Instead, he groveled and simperingly delayed, "I am Sefosifer, sent by my father and guided by my grandmother to seek the wisdom of the abyssal witch. Is it she whose marvelous presence and mysterious tokens now greet me?" However, as he said those words, he recalled the body of the giant squid wrapped tightly around him, and , likewise in need of relief from its constricting forces, thereon writhed out of its moldering embrace and set it before the great jaundiced eye that flung open. "This is the gift I have for thee -- as selected by the wisdom of my grandmother, of whom I have spoken."

The loud nasal sound of the witch's sniffing was evident, visceral, and thrust him back from where he hung, but then she spoke: "It is a gift that will relieve my hunger for but a short while. What have you to offer me that will continue to sustain this prodigious bulk?"

Thus he guessed at her ominous demand and settled within himself the question of convention, for it was customary for some amongst his kind to feast on the flesh of their own spawn, but to do so required spawn, and spawn required both mare and sire. With that in mind, along with the powerful and demeaning memory of the subjugation of his own flesh to the wiles of his clan's women, he bellowed in a fashion most encouraged, "Show me thine nest that I might beguile manifold eggs, of fertility surely beyond any other, into a harvest eternal!"

At this, the seafloor rumbled, the bed rose up, and a tremendous cavern fringed with the most atrociously time-corroded spears yawned before him. Odious and visible streamers of vulgar scent charged forth and dissipated into a wash around him. He nearly fainted, but the solemnity of his present course allowed him to prevail. Then, from within, he saw the flesh of its walls emanated a pale yellow glow, and embedded within that flesh were myriad spheres, and those spheres he knew to be the eggs that he must seed -- a task that would cause any hero to blush at the audacity of the demand, the personal fortitude required, to even accomplish a fraction of the work at hand, yet he put himself to it in silent supplication and prayed that she would not forget his purpose, close her monstrous yawn, and cause him, too, to be made a meal.

The task grueled him and throughout he remained terrified, which did not aid in his purpose, but, on completion, as he dragged himself beyond the reach of her titanic fangs and collapsed on a pile of stinging coral, he acknowledged his own pride in his aptitude. Until, that is, her mouth closed, her lips smacked, and she spoke to him her last:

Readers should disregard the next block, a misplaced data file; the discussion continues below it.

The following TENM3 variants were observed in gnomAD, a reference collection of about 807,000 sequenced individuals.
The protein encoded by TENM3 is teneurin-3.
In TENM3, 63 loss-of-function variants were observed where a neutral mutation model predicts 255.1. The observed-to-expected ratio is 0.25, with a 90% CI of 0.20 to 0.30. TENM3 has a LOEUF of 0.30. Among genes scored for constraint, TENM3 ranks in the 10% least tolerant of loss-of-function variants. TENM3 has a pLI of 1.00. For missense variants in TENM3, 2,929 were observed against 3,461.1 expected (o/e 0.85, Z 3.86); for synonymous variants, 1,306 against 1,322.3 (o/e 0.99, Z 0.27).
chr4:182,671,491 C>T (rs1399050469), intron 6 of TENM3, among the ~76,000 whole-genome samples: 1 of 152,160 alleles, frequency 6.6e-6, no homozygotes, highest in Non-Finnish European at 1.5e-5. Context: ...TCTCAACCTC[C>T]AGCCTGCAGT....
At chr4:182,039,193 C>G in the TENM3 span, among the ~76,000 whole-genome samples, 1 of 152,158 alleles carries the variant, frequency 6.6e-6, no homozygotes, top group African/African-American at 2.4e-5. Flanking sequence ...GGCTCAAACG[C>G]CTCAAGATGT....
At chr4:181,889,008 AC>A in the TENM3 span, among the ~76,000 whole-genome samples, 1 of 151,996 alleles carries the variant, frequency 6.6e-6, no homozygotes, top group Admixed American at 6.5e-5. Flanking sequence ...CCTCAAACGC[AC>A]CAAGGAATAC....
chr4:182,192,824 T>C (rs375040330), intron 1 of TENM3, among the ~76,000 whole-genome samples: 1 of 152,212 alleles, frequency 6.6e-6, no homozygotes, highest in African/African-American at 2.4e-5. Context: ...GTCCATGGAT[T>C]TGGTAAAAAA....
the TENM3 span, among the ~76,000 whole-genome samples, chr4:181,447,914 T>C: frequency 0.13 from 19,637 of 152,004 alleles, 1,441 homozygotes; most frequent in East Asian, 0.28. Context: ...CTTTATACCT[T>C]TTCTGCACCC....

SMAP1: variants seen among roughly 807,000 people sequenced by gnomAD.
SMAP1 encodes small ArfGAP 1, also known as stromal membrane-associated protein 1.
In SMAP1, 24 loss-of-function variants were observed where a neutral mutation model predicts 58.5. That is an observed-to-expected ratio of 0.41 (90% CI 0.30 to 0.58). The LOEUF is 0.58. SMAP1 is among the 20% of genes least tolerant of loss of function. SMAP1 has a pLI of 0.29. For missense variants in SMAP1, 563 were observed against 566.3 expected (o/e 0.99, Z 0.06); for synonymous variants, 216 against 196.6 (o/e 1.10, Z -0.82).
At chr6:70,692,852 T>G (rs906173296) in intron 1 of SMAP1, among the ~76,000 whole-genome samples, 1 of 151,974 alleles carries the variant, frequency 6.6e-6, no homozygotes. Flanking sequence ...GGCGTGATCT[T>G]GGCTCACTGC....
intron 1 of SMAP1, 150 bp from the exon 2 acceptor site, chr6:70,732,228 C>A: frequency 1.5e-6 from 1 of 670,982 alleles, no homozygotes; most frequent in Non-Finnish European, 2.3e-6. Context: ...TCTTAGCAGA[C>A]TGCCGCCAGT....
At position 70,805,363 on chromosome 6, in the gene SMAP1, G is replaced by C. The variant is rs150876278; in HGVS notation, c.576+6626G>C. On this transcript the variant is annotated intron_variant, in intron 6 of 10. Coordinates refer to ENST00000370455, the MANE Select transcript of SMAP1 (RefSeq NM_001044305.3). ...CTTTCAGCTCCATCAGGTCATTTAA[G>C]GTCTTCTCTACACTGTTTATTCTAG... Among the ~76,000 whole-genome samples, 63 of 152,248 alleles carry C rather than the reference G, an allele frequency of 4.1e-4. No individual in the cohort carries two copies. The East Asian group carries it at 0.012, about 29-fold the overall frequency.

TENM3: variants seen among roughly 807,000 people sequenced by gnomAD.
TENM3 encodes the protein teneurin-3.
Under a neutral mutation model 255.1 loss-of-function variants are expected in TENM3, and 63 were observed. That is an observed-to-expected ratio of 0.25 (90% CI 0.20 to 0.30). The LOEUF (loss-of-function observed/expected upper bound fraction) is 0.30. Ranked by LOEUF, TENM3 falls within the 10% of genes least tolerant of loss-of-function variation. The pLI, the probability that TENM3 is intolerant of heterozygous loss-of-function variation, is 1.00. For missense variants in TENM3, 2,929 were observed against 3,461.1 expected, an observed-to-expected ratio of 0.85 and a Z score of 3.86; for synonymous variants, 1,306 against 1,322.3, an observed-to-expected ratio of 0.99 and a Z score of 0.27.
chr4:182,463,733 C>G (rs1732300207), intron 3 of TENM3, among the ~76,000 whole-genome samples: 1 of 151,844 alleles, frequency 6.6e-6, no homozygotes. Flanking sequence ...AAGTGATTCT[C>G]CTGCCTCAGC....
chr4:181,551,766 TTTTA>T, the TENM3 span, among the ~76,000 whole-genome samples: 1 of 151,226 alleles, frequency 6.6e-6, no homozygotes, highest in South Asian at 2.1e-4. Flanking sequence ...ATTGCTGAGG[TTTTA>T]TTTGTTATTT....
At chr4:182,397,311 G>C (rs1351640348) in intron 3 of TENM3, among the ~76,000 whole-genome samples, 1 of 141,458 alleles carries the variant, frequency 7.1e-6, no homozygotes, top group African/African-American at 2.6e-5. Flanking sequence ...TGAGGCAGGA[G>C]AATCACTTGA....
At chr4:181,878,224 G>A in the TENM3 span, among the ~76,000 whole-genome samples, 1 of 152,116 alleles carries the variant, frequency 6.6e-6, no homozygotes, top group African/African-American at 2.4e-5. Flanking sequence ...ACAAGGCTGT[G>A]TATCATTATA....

"For thee, Sefosifer, the fates decree both blessing and curse. This eve, thine acts demand that thine fertility wilt never falter, even unto death thou wilt remain a fountain of seed, nor wilt thou know remittance from creatures far and wide who seek to rob thee of thine excellence and drain thee of thine potency. Many a brood thou wilt sire! Age thou wilt not know! Yet, for this to be, also must the sea reject thee, and its salt thick waters, and the infinite repleteness of the deeps, and thou shalt never know home, or station, or dwell in one place for long without a wake of tragedy set against thine hosts."

At those words, her eye flung open, and set upon his own, and he was lost in her powerful geas. Whether time passed, he knew not, for surely though it seemed long it must not have been so, although, as it passed, he felt within himself powerful and terrible changes. It was as though some arcane hand, some black and unknowable purpose, reached into his mind, his soul, and his loins, and transformed him into its slave. A pain lanced through his left shoulder, and he felt inscribed on his flesh the tattoo of some elder god or archfiend, and with each assault the intensity increased until the blackness of the ink it laid upon him swallowed his mind into abject darkness.

When he awoke, a beach was beneath him, and sand around him, and fresh air rather than water traced the contours of his form. Off in the distance, he heard, for the first time in his life, singing. 

It was there his story began.

Sefosifer the Philosea Monster